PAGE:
I realize that I never finished the story of how I achieved the exalted rank of expert at chess. Suffice it to say that I played two more games beyond the ones I have already reported on. Both were against 1900 rated players and both were rather dissatisfying draws. In the first I had the black side of a Queen’s Gambit Declined, got the worst of it out of the opening, but then found a nice maneuver to get out of trouble when my opponent dithered a bit in the middlegame. In the second I had the white side of a Sicilian Kan, which quickly ended up in a standard Hedgehog formation. We shuffled the pieces aimlessly for a while before agreeing to a draw. That’s the Hedgehog for you! I thought I was worse in the final position and was happy to get a draw. The computer said I was much better and suggested a bunch of lines I hadn’t even looked at. Cower before my expert-level positional judgment!
Officially there were two rounds to go, and I really liked playing on those wooden chess sets. But I was also getting very tired and it seemed to me my play was deteriorating. My informal calculation said I was up seven rating points (I only needed four!) So I decided to withdraw from the tournament and simply declare mission accomplished. Spare me the lectures about fighting spirit. I’ve been playing this miserable, time-sink of a game for thirty years and dammit, just this once, I wanted my friggin rating points. So sue me.
Anyway, let’s have a look at some real chess. Rio is already a distant memory. The real Olympics are going on right now in Baku, in Azerbaijan. I’m referring to the chess olympiad, of course. The United States has its strongest team ever, with Fabiano Caruana, Hikaru Nakamura, and Wesley So on the first three boards. All are among the world’s top ten players. We’re giving up some rating points on board four, but Sam Shankland and Ray Robson are not exactly pushovers.
The US team got nicked for a draw in round four against a strong team from the Czech Republic. But top seed Russia lost to Ukraine, in part because Alexander Grischuk collapsed against Alexander Volokitin on Board Four. A bad day for the Russians, but we’re talking about mighty strong teams that have the likes of Grischuk and Volokitin on Board Four.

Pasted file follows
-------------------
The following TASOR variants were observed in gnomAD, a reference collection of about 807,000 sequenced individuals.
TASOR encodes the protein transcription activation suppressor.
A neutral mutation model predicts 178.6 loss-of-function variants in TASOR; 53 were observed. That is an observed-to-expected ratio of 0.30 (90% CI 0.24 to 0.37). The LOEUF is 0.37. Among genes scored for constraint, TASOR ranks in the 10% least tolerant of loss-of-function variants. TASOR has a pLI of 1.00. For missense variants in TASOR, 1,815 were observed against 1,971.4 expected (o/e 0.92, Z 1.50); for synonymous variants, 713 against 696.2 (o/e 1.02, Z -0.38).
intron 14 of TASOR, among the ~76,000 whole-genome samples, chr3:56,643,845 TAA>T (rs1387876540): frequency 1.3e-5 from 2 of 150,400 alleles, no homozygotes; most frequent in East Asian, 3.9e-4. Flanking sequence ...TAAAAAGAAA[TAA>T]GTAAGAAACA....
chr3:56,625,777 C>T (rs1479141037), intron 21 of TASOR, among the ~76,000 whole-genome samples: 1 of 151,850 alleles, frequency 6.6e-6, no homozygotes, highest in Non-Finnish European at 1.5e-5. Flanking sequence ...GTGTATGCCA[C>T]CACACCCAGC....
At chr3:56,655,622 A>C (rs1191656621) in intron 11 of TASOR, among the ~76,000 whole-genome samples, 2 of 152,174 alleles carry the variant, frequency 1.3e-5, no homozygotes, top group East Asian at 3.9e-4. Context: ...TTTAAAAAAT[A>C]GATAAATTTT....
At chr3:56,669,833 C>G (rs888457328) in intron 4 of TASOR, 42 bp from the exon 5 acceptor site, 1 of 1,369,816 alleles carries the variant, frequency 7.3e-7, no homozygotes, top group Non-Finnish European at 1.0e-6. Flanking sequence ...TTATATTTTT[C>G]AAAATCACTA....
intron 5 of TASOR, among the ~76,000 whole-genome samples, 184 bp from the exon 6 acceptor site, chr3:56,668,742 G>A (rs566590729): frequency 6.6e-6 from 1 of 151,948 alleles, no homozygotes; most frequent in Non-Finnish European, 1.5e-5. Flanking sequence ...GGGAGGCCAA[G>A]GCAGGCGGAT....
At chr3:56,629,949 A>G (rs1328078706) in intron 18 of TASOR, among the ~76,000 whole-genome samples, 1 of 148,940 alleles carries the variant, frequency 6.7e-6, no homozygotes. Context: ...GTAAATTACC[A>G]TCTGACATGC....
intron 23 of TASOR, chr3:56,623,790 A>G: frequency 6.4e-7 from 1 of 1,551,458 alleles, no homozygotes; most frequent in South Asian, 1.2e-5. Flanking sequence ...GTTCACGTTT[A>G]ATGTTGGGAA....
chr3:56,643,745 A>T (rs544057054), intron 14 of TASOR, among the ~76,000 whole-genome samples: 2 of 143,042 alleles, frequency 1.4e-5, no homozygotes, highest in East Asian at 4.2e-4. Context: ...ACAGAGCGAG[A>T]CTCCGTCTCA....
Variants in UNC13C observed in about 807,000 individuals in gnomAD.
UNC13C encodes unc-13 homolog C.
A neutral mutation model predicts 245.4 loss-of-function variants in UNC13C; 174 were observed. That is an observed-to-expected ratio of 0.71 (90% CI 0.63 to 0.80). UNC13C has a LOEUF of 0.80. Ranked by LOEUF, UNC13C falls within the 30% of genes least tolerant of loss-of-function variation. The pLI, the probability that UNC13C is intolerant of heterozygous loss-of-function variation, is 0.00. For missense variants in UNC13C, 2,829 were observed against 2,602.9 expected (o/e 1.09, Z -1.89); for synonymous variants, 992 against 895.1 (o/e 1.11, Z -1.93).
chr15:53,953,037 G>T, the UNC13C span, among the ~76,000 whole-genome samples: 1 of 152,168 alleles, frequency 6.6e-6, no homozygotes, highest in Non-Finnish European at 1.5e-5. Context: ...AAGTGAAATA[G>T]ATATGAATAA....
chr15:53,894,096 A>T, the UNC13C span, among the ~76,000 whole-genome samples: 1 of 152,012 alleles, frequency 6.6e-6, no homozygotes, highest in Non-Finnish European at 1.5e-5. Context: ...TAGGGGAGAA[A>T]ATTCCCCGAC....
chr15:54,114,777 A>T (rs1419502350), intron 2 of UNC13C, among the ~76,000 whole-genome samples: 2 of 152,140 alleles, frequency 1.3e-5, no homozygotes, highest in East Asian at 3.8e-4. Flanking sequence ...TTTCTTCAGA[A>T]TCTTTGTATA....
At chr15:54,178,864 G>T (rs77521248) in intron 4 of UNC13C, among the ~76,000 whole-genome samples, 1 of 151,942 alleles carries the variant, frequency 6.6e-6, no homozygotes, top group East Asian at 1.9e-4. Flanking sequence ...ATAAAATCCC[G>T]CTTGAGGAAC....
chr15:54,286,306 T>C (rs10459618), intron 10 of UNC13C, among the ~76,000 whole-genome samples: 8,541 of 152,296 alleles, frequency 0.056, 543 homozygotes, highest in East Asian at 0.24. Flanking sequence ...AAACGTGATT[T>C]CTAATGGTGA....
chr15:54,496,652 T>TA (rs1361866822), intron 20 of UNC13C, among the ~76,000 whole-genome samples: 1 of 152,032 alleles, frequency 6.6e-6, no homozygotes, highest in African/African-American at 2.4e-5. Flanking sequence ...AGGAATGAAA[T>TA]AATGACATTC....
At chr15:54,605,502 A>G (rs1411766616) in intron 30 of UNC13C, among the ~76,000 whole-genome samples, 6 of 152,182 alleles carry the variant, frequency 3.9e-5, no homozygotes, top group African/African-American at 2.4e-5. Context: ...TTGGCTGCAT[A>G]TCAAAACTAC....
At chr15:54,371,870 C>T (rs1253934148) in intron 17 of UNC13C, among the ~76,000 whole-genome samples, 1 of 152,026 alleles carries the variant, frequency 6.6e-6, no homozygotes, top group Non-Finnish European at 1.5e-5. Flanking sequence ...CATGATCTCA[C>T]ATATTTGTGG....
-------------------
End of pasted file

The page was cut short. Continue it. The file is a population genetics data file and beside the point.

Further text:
Anyway, here’s an interesting position from the round two matchup between India and Costa Rica. India is a major powerhouse, even without Anand playing for them, and are a dark horse to finish on the podium. Costa Rica is less strong. The position below comes from the Board One game between Bhaskaran Adhiban, playing white, for India and Sergio Minero Pinedo, playing black, for Costa Rica. Adhiban is already a top grandmaster and is still improving. Pinedo is rated a whisker below 2400. No slouch, but a draw with black against Adhiban would have been a real accomplishment.
Here is the position, late in the game:
Black to play. The draw was at hand by sacrificing the bishop for the pawn on f6, and then taking the pawn on d5 with the king. After that, the best white could get would be king, rook, bishop against king and rook. That’s a well-known draw, and a fairly straightforward one if the defender knows a few standard techniques.
Alas, Pinedo did not go for that. He thought he saw a cleaner way to draw. He moved his pawn to f4, white moved his pawn to f7, and black moved his rook to f5, leading to this position:
Looks good! Seems like the white pawns are under control and the peace treaty is imminent. But not so fast. The position is actually white to play and win.
Endgame tactics are always the best! Adhiban played Bf6!! That move deserves its own diagram:
Incredible! If black takes with the bishop then his rook is obstructed and white just promotes his pawn. If black takes with the rook (which is what he played in the game), then white plays Ra6+ skewering the king to the rook. After the king moves out of the check, white just takes the rook. Game over! Black resigned.
Great stuff! I caught some of the live broadcast this morning between classes, and it was excellent. But if you cannot tune in for that I recommend the recap videos by British grandmaster Daniel King on YouTube. That’s where I found this little nugget. The videos are ten to twenty minutes long and King’s commentary is very lucid.
That’s it for now!